So this is quite a controversial topic and one that is being talked about a lot at the minute in the health and fitness industry so I thought it would be good to share my opinion on it. Remember this is just my opinion... there is no right or wrong so please do not take my opinion as fact!
So, on the one hand you have the 'macro-trackers' who input everything they eat into a calorie counter such as My Fitness Pal in order to know exactly what foods they are eating and to understand the ratio of protein/fat/carbs they are consuming. And on the other hand you have the 'intuitive eaters' who don't count calories or macros but just eat healthy, natural foods most of the time and enjoy the odd treat here and there whenever they fancy it.
So how are we supposed to know which one to follow?
The pros of tracking your macros is that you can fit the foods you enjoy to eat into your daily calories and macro goals (IIFYM - 'if it fits your macros' or flexible dieting). How? Well, say you fancy eating a burger and chips for dinner one day, all you have to do is work out how many calories will be in the burger and chips and then adjust your diet for the rest of the day to allow for it. For example, if you normally eat 2000 calories a day and you know your burger and chips is going to be 1000 calories then you know you have 1000 calories left over to eat real, wholesome food (and probably lots of veggies). In a less extreme example, say you fancy treating yourself to a bar of Cadburys milk chocolate after dinner, then all you have to do is have about 200 less calories in the day (probably from your normal carbs as milk chocolate is mainly sugar) and you won't go over your calorie or macro goals for the day. As you can see, this way of eating is great for allowing flexibility in the diet but it can very quickly become tedious having to input everything you eat into the computer. It also makes it difficult to go out and enjoy yourself if you don't know exactly what's in your food (see photo above - imagine not being able to indulge in healthy snacks at a healthy afternoon tea by Teresa Cutter!!). In my opinion, this way of eating also encourages obsessive behaviours over food, especially if you are someone who likes to work with numbers.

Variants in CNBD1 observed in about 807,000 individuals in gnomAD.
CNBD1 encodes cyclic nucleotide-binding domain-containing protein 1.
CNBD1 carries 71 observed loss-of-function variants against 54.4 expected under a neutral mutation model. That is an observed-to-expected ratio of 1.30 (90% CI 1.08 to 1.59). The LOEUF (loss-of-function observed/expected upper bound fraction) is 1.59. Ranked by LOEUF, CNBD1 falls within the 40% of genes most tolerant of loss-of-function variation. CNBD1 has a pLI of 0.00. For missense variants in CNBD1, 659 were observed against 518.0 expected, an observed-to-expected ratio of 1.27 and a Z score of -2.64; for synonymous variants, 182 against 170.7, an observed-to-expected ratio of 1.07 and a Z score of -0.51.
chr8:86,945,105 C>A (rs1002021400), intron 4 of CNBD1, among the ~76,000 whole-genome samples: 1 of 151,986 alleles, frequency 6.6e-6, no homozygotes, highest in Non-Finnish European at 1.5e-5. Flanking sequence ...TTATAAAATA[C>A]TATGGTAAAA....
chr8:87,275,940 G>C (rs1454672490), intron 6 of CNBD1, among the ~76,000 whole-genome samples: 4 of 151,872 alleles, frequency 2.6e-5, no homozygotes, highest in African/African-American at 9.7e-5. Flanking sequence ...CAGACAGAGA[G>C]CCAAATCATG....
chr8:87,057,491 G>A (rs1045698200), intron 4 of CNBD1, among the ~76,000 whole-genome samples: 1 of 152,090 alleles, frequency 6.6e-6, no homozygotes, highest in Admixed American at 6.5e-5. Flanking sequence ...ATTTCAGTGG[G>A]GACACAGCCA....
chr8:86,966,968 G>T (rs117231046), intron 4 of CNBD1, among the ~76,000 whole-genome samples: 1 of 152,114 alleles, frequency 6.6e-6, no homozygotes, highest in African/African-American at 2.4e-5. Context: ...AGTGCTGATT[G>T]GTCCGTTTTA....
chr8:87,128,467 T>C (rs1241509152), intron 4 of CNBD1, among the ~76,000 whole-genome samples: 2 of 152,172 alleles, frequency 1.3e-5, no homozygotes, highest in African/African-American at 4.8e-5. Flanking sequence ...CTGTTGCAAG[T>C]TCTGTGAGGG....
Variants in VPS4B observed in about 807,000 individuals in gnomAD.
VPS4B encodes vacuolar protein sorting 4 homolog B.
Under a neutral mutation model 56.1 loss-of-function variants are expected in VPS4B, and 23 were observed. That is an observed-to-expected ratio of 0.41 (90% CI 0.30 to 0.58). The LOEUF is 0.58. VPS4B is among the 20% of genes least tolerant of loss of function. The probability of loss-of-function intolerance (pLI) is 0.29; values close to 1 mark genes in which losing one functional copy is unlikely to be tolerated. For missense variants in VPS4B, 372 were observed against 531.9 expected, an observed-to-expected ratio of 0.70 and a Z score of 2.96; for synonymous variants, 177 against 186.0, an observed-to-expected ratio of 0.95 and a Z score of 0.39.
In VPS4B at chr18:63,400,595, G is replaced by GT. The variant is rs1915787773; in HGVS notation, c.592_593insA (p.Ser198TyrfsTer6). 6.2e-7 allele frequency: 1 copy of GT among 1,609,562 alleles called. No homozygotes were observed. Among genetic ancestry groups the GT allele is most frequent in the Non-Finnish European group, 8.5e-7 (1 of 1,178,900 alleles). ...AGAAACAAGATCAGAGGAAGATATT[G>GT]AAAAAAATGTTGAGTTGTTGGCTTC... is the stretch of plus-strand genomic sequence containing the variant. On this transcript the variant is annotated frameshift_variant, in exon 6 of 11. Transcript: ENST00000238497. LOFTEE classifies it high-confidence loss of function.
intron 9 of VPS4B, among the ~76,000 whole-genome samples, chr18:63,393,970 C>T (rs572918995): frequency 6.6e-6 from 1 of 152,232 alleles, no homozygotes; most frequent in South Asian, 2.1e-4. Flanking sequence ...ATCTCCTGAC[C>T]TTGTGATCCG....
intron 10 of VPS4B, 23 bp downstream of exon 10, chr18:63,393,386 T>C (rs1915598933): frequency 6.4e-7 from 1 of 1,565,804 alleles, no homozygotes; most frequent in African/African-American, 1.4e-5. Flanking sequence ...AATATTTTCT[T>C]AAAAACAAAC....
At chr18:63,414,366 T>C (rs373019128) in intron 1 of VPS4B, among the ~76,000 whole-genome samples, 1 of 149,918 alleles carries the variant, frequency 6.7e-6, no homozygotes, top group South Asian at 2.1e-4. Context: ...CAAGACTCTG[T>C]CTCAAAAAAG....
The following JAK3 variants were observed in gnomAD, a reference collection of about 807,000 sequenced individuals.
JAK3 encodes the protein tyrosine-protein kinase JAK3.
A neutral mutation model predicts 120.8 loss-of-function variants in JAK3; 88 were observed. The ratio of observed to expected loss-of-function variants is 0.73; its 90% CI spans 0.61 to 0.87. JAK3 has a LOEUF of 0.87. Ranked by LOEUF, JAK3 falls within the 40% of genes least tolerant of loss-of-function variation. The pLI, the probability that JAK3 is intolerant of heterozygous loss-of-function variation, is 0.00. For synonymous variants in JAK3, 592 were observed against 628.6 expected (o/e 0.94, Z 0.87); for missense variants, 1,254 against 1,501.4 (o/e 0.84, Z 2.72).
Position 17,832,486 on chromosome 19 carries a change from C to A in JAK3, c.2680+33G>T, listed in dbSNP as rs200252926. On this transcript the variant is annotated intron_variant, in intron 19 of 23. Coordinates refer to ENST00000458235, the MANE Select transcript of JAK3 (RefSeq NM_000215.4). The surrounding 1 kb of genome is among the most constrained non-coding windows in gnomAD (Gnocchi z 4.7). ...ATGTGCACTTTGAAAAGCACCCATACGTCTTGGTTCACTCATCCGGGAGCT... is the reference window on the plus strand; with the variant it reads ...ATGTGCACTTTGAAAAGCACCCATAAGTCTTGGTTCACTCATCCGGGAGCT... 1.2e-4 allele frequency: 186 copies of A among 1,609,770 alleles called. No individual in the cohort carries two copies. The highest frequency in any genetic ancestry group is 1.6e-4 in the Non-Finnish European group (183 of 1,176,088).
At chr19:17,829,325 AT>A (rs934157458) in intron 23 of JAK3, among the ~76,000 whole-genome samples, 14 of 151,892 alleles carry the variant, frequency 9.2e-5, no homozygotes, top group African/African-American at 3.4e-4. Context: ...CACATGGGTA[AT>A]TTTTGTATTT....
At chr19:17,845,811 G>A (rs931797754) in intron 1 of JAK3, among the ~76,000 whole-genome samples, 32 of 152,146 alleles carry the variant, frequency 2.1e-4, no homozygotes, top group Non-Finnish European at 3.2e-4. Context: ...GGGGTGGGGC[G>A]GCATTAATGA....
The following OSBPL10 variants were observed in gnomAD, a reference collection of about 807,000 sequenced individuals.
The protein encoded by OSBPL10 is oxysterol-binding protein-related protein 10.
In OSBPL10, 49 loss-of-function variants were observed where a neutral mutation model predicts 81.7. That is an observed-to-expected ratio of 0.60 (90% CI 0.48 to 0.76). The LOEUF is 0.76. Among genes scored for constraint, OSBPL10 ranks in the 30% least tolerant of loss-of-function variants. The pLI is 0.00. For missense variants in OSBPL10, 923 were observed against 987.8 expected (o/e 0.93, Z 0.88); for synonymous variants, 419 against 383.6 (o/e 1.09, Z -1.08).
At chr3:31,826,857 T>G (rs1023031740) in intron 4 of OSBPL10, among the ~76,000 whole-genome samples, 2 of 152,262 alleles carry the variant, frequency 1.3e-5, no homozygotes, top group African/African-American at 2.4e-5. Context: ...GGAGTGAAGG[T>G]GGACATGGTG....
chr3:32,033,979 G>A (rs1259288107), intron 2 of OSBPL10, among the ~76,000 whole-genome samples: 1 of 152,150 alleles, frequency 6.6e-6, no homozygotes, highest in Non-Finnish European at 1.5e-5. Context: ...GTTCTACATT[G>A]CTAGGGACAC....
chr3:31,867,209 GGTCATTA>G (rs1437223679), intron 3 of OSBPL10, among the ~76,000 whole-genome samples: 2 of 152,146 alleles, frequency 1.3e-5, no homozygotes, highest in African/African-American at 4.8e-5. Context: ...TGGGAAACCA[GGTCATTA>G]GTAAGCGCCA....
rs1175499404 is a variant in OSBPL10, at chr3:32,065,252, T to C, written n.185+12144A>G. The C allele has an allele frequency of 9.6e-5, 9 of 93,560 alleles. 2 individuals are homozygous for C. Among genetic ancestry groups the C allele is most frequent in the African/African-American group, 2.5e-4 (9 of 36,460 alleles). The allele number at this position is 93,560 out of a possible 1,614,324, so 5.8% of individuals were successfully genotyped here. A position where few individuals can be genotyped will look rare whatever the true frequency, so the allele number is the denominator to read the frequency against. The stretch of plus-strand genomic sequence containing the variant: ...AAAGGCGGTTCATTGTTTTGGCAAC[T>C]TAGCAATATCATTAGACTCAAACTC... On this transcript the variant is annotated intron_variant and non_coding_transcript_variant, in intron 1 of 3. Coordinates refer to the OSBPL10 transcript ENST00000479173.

Then we have intuitive eating. The pros of this is pretty obvious - there are no strict rules so it allows you to be a lot more relaxed around food. The general idea is to cook from scratch, eat a portion of protein, veggies and carbs and/or fats with every meal and listen to your body - if you're genuinely hungry (and not just bored)... eat! And then on the occasions when you fancy a treat or just want to indulge a little then you can go for it because you eat well the majority of the time - one unhealthy meal won't make you unhealthy just like one healthy meal won't make you healthy! At first glance this seems like the obvious way to eat because why bother going to the effort of tracking all your calories and macros when you can just eat intuitively? Well, as a generalisation, tracking your calories and macros TENDS to produce better results in terms of weight loss/muscle gain because you are being stricter with what you are eating.
Taking all of this into account, I am going to share with you my opinion on the matter. In short, I think whether you should track macros or eat intuitively completely depends on your goal. If you are training for a specific competition such as body building or fitness modelling, then tracking your macros will probably be the better option because you are more likely to see the best results. But for the majority of people who just want to feel good and look good naked then eating intuitively is all you need to do - I don't think most people need to be as extreme as tracking macros. Speaking from experience, I also think that tracking macros is dangerous for mental health - it is so easy to become obsessed with the numbers and you can easily lose sight of the fact that life is to be lived and enjoyed! However, I do also think that knowing roughly how many calories are in certain foods is a good thing so you can ROUGHLY track what you are eating in the sense that you know you are not eating too much for your activity level.
So there's definitely a fine line between the two. What are your thoughts on this? I would love to know!! Comment below :)